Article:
The Content Marketing Roadmap for Busy Inbound Marketers

The endless juggling act of creating original content for multi-tiered marketing campaigns, following up on leads, staying on top of the latest industry trends, all while continuing to grow your own business and brand is the new normal for even the most traditional of marketers.

Nevertheless, your (or inability) to adapt to the ever changing nature of this field ultimately determines your success and longevity in this business.

Unless you’ve been living under a rock for the past few years, you already know that content marketing is a necessity for your marketing plan, as well as your clients. What you probably don’t know is how to shift gears and get on the content marketing train. It is hard to find your way, but it’s not impossible. You just need to visualize yourself completing the goal and commit to a strategy. In this blog, we will identify a very simple roadmap to help busy inbound marketers get on the path to content marketing bliss.

The Content Marketing Institute has done a great job of simplifying this process, so we’ll use their methodology to guide our way (see below). You can apply this roadmap to both your marketing company, as well as the clients you serve.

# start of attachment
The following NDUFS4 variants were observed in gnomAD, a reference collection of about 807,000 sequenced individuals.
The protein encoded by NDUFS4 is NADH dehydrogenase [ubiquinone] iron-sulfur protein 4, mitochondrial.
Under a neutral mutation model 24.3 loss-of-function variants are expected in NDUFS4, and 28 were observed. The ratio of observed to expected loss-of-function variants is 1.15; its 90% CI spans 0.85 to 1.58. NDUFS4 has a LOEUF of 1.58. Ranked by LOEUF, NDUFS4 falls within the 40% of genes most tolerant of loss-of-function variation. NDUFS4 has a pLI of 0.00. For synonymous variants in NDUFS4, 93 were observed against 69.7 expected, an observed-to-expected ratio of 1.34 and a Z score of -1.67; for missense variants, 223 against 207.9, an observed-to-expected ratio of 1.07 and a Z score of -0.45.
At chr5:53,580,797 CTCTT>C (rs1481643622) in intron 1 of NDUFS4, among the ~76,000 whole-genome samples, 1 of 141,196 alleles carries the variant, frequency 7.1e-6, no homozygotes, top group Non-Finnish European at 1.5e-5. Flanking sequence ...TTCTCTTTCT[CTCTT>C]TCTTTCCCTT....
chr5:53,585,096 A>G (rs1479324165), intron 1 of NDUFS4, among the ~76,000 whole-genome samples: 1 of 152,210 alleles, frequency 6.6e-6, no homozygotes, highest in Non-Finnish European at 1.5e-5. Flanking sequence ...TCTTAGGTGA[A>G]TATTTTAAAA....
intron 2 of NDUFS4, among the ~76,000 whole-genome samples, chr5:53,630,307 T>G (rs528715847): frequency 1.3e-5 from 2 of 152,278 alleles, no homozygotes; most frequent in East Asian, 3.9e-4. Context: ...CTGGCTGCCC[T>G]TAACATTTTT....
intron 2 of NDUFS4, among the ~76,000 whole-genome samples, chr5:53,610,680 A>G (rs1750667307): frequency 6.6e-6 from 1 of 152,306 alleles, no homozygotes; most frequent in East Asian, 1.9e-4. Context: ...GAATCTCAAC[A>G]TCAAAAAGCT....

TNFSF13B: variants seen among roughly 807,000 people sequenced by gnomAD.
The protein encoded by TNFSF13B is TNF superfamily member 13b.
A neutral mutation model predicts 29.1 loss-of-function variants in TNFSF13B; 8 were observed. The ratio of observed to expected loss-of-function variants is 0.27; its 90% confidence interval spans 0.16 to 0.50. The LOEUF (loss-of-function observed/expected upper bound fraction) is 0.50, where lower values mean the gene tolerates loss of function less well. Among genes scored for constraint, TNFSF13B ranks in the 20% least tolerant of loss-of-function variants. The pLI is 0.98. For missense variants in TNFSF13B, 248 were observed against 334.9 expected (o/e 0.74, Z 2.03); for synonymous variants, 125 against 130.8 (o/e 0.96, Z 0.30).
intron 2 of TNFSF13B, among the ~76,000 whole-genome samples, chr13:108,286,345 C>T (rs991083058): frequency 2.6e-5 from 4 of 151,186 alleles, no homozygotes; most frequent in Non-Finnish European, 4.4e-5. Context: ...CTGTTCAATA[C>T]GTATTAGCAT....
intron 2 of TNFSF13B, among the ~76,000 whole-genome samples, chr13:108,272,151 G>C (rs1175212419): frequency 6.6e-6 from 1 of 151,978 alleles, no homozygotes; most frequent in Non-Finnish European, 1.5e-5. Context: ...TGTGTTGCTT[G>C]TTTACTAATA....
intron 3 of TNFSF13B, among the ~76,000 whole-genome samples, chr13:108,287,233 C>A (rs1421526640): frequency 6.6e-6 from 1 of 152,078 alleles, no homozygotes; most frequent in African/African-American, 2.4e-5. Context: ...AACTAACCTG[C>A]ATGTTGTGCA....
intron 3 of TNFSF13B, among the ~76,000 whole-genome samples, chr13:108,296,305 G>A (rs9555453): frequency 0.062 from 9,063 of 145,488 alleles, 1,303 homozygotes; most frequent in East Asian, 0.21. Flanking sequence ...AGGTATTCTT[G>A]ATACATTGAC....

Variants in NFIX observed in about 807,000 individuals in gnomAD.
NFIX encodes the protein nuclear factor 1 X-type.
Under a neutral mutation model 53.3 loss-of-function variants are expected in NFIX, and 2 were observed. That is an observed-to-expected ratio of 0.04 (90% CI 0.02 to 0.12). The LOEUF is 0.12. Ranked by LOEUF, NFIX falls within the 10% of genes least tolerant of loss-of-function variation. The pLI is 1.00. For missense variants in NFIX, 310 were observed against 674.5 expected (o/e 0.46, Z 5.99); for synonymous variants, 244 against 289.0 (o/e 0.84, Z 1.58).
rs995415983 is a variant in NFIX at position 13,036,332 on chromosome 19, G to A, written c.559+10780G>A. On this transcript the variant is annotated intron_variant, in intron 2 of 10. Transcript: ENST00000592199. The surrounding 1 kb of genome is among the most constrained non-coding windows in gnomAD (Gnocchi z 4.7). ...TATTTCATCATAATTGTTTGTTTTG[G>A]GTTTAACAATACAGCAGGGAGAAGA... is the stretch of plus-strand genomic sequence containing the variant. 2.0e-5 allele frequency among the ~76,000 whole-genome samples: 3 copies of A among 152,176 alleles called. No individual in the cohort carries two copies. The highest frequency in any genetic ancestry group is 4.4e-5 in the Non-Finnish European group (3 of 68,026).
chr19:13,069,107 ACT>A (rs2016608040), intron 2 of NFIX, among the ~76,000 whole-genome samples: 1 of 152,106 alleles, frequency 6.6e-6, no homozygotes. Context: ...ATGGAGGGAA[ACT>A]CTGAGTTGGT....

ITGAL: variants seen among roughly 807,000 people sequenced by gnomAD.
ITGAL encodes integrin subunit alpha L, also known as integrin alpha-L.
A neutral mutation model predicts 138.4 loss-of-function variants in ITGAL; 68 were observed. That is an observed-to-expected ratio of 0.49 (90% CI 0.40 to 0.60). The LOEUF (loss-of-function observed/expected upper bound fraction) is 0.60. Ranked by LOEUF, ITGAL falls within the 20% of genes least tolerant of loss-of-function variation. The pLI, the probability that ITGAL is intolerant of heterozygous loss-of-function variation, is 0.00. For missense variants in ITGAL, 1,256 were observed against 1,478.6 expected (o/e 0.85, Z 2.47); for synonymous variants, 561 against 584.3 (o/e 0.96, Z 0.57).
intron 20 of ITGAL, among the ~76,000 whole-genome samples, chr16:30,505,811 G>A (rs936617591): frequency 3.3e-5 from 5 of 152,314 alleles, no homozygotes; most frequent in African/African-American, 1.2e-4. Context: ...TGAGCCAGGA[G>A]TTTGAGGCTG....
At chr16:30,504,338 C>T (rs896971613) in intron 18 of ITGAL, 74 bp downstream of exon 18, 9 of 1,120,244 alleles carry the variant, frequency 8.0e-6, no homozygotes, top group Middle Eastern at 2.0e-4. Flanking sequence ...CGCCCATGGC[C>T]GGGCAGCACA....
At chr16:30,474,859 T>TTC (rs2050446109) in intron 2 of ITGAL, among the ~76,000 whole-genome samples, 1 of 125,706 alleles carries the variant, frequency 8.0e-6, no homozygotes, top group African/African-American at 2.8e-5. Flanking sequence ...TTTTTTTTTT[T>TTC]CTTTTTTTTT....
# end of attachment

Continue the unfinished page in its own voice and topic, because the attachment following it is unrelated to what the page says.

*The CMI Content Marketing Framework – 7 Building Blocks to Success*

1. Content Marketing Plan 

As with all marketing processes, planning is the first step. Where your planning starts depends on where you are in what CMI likes to call ‘the content marketing journey.’ Regardless of where you find yourself, some things are applicable across the board, such as the outcomes for this stage. You need to answer a few basic questions, which are:

  • Who are you or who is your client?
  • What do you/they want to accomplish?
  • What are the distinguishing factors between your/their product and service offerings?